Big Food Industry: While Big Food can’t be held as the sole culprit in the American nutritional crisis, they enjoy great profits from it, which they won’t give up gladly. An early attempt by Slow food San Francisco to introduce apples as snacks twice monthly was foiled by the contracted suppliers of potato chips and Snickers bars. Big Food lobbies, and they are not going to lie back and allow the educational system to market carrots as snacks to their prime audience. They had, furthermore, effectively undermined Home Economics classes before they were dropped with donations of their products (Mac ‘n Cheese, mixes, Jello) to Home Ec programs,

You can do something. Take this immodest proposal to heart, then take it to your congress person, then take it to your school board. Michelle Obama – stop finger wagging and start lobbying for hands on food education. Just the basics. It will work.

 

 

 

 

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Food and Foie Gras and Freedom – Democracy fails again

Years after much of the foie gras brouhaha has subsided, California’s foie gras ban signed into law by Arnold Schwarzenegger on Sept 29, 2004, is about to go into effect, and California’s chefs are pissed. You should be, too.

The question of animal rights and vegetarian or omnivore is less of an issue in this law than its implications for the integrity of our law makers and the protection of personal rights in a society which increasingly values the voice of the most vocal minority activists over empirical science and the greater interest of the public.

Why? I like ducks. What’s wrong with protecting them?

Lots, even neglecting the fact that avian experts at the University of California at Davis clearly determined that Gavage, the process by which the geese are fattened, neither damages nor distresses them – although legislation based on bad science and misrepresentation serves no one.

So what’s wrong with the bill, even if no birds are harmed by gavage? It’s just an elitist dish served by snooty chefs, right?

Again, lots of things.

,For one , the kickoff to the bill was nothing less than an act of vandalism or terrorism if you believe the FBI.  An animal rights group, which never had the courage to put its name to the act,vandalized a new Sonoma restaurant project and the owner’s van and threatened the chef/owner and his family by sending pictures showing his child  inside the home: “We know where to find you.” The chef owner was forced to sent his wife and child back to Europe for their protection and took the loss of the project, not wanting to see the violence escalate.

Not only the restaurateur was threatened, but owners of other small businesses were threatened and harassed. Having expressed my opinion on the subject, I  received numerous “we know where to find you” with veiled threats on my answering machine, as did chefs around the country.  The California Senate validated these criminal actions by ceding to the activists’ demands.

You don’t reward that kind of behavior.  It encourages imitation. Yet John Burton and the California Senate did just that.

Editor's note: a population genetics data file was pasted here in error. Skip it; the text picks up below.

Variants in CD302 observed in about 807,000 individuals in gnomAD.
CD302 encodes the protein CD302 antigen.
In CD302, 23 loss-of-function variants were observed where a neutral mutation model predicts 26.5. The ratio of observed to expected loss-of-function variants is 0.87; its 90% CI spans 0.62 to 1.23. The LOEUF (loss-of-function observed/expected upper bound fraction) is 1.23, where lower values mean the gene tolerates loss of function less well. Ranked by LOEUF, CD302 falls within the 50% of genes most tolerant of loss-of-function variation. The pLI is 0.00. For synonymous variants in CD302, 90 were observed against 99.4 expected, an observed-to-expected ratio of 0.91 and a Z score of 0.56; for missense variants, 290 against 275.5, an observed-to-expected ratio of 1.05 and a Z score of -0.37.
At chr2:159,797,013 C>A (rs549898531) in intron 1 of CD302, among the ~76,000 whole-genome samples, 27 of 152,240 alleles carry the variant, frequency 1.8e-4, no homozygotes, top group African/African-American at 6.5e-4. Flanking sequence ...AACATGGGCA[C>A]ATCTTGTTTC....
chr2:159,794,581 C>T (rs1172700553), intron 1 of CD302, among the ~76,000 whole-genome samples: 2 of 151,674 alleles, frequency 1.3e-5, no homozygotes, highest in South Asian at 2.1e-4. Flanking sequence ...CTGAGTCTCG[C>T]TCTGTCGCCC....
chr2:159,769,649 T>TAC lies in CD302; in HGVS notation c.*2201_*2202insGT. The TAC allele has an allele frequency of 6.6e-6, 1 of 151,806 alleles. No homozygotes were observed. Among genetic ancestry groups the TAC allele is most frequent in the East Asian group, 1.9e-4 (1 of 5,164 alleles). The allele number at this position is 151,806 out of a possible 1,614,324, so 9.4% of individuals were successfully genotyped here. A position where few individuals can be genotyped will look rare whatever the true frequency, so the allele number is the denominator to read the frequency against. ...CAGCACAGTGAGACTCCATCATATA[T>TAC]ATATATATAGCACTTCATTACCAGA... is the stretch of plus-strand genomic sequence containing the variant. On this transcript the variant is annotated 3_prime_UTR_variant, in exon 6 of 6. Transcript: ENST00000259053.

It is a bill without a reason – a solution to a problem which does not exist.   It neither improves the ducks quality of live nor protects anyone nor anything from danger or abuse beyond excepting slaughter. If this bill is valid, than any bill banning meat and poultry production, sales and consumption is equally valid. It is the kind of empty and baseless pandering, crowd pleasing legislation which has contributed to California’s current legislative and fiscal dilemmas.

Counting on the reaction with enough media, the activists did not cease their activity but stepped it up  with an aggressive public relations campaign which eventually landed on the desk of outgoing California State Assemblyman John Burton. Burton, pandering to the calls for drastic action,  chose to sponsor the ban as his legacy. The passing vote was a parting gift by his colleagues.

Think of it this way: Instead of giving Burton a gold watch, they gifted  him a restriction of your right to choose what you eat and legitimate businesses’ right to provide services.

But there was overwhelming opinion against foie gras, correct?  Not exactly. There was loud opinion and prestigious opinion.  Informed opinion was missing in action.  Since most Californians had hardly ever heard of foie, they didn’t think much one way or the other. The voices were those of PETA and Pease’s followers,  who took dogma for fact. The law if based on faux science and untruths.

The charge against the small business producing the product in California was vocally supported by Governor Schwarzenegger’s tearful friends and colleagues of the glitterati, among them Paul McCartney, Chrissie Hynde, Kim Basinger, Martin Sheen and Pamela Anderson.

But what’s the harm? Foie gras is an unnecessary luxury, after all. The harm is enormous, considering the legal intrusion into the choices of businesses and consumers practicing ethical policies. It is neither the government’s job nor its right to ban things to which a minority objects based on their general popularity. We don’t need chocolate, Coca Cola, leather belts, the color puce or hip hop, which may offend some people. Their gratuitous nature does not give the government the right to forbid them.

This ban was supported by people I admire including Paul McCarthy and Martin Sheen.

These people are great actors and contribute much to our lives. It’s hard not to love Sheen in the West Wing, but  we did not elect them to office, and I personally resent Bea Arthur’s making law, as she succeeded in doing here. They are not experts in the field of avian science or animal husbandry and apart from their strong feelings have little to say about our governmental processes. California had two actors in the Governor’s Mansion, and each time was a disaster.